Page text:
How bacterial pathogens use type III and type IV secretion systems to facilitate their transmission.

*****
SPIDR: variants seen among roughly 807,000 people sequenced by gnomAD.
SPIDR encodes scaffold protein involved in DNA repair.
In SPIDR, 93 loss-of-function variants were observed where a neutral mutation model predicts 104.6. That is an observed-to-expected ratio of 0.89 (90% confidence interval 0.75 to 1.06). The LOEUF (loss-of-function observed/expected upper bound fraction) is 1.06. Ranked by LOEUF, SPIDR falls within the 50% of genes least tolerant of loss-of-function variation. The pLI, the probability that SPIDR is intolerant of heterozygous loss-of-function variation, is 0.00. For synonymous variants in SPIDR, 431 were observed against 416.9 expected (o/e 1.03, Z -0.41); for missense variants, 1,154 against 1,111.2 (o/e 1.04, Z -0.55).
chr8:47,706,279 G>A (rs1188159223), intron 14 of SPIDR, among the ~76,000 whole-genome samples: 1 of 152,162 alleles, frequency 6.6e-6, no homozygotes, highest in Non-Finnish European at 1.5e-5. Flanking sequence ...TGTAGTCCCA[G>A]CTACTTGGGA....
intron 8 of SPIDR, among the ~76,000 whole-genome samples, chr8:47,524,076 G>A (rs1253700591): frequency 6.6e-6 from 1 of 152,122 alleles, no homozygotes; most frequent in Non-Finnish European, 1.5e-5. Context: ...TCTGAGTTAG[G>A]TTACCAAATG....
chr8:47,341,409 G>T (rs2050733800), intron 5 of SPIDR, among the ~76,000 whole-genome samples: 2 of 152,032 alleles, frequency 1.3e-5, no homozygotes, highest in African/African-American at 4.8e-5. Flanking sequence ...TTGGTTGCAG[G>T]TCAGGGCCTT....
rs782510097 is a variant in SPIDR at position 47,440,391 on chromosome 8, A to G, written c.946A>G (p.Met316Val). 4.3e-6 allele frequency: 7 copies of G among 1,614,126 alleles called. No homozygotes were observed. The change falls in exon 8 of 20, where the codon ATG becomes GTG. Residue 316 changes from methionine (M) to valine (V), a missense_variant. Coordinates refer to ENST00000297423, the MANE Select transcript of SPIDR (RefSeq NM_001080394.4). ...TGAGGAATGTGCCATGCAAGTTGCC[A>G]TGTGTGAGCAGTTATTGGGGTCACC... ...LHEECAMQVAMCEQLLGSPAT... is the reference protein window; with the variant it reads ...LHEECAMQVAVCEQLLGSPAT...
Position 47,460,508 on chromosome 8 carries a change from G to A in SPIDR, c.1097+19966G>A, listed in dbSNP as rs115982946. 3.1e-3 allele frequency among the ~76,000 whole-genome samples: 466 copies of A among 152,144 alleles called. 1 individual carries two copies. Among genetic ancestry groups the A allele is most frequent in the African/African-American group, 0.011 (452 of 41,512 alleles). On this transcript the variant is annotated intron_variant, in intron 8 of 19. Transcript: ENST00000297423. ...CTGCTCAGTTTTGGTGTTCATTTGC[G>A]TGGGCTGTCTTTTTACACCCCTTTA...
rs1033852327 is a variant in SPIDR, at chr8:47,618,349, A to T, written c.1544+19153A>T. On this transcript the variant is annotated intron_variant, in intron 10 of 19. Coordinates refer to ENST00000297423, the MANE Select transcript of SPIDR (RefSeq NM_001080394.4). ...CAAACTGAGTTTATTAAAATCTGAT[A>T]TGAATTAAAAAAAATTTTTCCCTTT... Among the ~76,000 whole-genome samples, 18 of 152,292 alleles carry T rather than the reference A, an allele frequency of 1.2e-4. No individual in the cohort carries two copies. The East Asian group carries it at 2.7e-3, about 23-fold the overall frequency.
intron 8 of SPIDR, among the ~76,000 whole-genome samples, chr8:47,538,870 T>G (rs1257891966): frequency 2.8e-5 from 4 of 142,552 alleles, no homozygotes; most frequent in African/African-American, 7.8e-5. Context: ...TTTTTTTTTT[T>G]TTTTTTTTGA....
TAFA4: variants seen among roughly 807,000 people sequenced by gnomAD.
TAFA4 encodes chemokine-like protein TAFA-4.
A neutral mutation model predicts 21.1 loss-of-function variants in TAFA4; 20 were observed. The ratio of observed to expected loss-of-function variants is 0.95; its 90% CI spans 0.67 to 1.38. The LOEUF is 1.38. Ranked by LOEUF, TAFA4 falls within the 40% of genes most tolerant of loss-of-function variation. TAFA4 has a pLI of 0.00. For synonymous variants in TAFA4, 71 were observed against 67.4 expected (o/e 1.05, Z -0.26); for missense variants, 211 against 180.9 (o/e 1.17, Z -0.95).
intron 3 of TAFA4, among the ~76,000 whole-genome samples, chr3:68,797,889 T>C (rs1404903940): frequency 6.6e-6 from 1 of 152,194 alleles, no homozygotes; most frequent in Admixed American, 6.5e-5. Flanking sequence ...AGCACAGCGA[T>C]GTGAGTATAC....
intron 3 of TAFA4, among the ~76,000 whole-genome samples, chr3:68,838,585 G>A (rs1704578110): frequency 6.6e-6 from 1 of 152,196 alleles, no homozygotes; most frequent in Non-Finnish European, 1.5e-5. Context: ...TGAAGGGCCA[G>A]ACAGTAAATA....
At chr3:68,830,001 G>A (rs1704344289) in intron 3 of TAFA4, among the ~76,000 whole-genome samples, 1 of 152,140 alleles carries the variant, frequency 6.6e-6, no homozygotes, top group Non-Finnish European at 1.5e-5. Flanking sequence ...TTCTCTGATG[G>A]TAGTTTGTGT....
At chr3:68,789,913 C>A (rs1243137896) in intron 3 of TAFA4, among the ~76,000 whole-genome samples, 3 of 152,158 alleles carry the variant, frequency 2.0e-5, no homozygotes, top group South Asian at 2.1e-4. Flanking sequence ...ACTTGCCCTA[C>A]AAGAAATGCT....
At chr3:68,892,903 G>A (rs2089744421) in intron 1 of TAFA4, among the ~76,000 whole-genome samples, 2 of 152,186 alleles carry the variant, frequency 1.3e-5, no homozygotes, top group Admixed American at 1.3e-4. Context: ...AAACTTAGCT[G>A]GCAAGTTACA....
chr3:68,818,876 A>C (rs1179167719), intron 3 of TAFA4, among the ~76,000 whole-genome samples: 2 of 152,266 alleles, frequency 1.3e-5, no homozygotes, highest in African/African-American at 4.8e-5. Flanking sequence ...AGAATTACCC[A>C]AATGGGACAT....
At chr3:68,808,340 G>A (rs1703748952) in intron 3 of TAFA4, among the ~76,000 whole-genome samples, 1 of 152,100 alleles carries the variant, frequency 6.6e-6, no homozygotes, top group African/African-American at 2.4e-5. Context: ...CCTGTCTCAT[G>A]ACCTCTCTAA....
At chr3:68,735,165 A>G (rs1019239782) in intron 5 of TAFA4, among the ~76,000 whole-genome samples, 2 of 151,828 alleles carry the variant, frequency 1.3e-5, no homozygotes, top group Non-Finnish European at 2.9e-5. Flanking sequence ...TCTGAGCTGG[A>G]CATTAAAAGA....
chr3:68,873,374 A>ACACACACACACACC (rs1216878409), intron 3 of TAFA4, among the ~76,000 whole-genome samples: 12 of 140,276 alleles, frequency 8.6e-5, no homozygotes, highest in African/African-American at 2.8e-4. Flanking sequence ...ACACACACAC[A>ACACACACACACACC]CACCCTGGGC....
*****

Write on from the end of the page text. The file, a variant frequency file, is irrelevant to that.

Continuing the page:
Work on type III or type IV secretion systems (T3SSs or T4SSs) is often focused on elucidating how these sophisticated bacterial virulence factors manipulate host cell physiology to cause disease. But to fully understand their role in pathogen biology, it is important to consider whether the morbidity or mortality they trigger is somehow linked to enhancing communicability of the microbe. Recent work on Salmonella enterica and Brucella abortus provide captivating examples of how manipulation of host cells with T3SSs or T4SSs instigates distant downstream consequences that promote spread of the pathogen. It is clear from these examples that T3SSs and T4SSs are ultimately transmission factors placed under selection by an incredibly complex series of events unfolding during host pathogen interaction.